January review: isolated men experience strange things…

Samuel Finzi, Iossif Surchadzhiev and Leonid Yovchev in January (directed by Andrey Paounov).
Share this Article:

Two men attempt to make sense of some mysterious happenings in an isolated location, paranoia ensues – here’s our review of January.

Set in post-communist Bulgaria, director and co-writer (alongside Alex Barrett) Andrey Paounov’s January is an intriguing mystery-thriller that really makes the most of being shot in atmospheric black and white. 

Isolated in a run-down complex in the middle of nowhere during the winter snows, The Porter (Samuel Finzi) spends his days using what might be the most high-tech nutcracker I’ve ever seen and solving crosswords with The Old Man (Iossif Surchadzhiev). Their only other companions are a dog and a crow that oddly likes to drink rakia – a strong fruit brandy. The duo’s everyday existence may sound strange enough, but soon various people come to their home looking for their boss – who’s travelled through the woods to the nearby city – and a series of strange encounters ensues. 

As more characters assemble in the small location, which January rarely strays from, the film becomes tense and fraught with paranoia. The group investigate the strange goings on and share tales of supernatural creatures that lurk in the supposedly dangerous woods nearby. These stories are written as monologues, and regardless of who is delivering it it’s done flawlessly. Each cast member is able to relate terrifying tales and existential questioning with an unwavering intensity that keeps you completely engaged.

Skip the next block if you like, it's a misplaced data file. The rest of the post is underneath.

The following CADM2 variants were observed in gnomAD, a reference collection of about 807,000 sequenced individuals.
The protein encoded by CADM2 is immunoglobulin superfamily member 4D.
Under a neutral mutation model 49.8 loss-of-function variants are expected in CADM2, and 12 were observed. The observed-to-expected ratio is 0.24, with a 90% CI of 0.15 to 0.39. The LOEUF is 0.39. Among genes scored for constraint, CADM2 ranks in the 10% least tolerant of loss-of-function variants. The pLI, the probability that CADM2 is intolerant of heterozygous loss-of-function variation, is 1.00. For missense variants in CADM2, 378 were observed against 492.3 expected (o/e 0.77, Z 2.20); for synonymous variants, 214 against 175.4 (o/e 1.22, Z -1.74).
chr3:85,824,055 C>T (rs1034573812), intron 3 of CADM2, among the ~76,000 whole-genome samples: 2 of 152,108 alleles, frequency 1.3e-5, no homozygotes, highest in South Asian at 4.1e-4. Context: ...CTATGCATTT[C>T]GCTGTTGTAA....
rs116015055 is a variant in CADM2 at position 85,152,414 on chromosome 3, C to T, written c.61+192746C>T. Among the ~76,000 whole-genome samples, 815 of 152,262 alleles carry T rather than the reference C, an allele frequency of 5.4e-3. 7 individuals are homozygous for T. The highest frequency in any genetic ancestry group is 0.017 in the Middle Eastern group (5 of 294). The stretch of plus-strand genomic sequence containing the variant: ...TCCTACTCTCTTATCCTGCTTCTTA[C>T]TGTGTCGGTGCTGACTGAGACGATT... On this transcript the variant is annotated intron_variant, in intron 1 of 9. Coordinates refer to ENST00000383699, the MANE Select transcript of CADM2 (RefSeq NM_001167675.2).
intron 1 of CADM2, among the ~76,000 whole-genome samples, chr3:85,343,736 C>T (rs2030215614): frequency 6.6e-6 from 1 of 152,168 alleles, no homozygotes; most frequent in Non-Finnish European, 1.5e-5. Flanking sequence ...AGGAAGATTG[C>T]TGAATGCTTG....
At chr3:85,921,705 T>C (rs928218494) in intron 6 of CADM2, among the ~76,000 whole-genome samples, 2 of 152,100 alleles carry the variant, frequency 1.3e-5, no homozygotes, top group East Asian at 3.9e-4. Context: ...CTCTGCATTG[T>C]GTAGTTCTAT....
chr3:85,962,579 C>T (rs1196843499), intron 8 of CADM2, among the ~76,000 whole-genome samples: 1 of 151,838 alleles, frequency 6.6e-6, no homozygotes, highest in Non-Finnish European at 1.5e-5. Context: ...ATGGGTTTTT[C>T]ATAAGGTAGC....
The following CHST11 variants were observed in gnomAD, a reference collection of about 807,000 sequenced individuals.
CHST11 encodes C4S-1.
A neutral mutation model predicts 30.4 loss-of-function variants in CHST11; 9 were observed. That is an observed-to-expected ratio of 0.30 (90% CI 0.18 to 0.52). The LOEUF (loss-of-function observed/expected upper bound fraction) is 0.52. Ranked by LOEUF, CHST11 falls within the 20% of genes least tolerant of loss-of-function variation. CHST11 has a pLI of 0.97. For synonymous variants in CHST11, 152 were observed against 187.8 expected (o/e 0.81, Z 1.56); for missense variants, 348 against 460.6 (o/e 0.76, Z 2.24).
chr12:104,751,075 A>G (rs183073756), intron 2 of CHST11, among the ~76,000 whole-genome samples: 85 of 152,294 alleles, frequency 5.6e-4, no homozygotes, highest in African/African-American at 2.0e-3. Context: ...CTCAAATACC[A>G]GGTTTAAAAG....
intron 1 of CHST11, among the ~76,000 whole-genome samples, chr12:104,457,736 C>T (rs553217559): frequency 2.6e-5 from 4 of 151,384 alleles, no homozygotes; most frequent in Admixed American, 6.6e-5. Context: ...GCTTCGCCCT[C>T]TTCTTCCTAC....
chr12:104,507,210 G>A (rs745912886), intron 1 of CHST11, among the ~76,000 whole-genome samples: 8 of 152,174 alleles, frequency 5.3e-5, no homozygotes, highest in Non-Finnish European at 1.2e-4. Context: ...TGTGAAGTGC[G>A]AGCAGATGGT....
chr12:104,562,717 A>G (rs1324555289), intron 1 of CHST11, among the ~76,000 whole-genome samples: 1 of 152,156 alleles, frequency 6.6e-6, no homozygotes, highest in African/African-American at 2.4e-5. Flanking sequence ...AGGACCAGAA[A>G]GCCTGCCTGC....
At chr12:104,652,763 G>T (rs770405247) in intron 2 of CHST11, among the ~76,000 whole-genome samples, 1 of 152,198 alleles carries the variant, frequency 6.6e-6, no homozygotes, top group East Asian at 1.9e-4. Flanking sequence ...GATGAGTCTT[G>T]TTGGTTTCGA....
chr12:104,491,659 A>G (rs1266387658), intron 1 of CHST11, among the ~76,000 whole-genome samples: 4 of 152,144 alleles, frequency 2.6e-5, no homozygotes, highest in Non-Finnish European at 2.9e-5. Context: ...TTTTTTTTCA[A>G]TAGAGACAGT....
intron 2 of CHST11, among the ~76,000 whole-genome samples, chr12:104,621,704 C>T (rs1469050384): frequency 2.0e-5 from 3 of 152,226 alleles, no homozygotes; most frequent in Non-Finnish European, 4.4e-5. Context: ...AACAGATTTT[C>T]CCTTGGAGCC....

It seems like a strange choice at first to limit the location to mainly a cabin. Most other thrillers would eventually delve into the dark woods its characters are so afraid of. That’s why it’s an excellent choice on Paounov’s part – you could say that January is almost tinged with a bit of cosmic horror because of the way it creates such a fear of the unknown. It capitalises on what it doesn’t show, and relies on the paranoia and speculation of the characters to make us feel afraid of what might be out there. 

January’s lighting and cinematography also helps to create a tense atmosphere. You can see definite Gothic influences in the incredibly deep shadows, contrasted with the pure white of the snow outside. It also makes excellent use of reflections in water, as well as flickering lights, to create suspense and a feeling of dread that permeates the whole narrative. 

With an ending heavily (and I do mean heavily) inspired by The Shining, January only adds to its mystery in the film’s final moments – though it also maintains its powerful atmosphere and intense performances until the very end.

As for what was actually going on – well, who knows? But I enjoyed it very much.

January is released in cinemas and on demand on 27th January.

Thank you for visiting! If you’d like to support our attempts to make a non-clickbaity movie website:

Follow Film Stories on Twitter here, and on Facebook here.

Buy our Film Stories and Film Stories Junior print magazines here.

Become a Patron here.

Share this Article:

More like this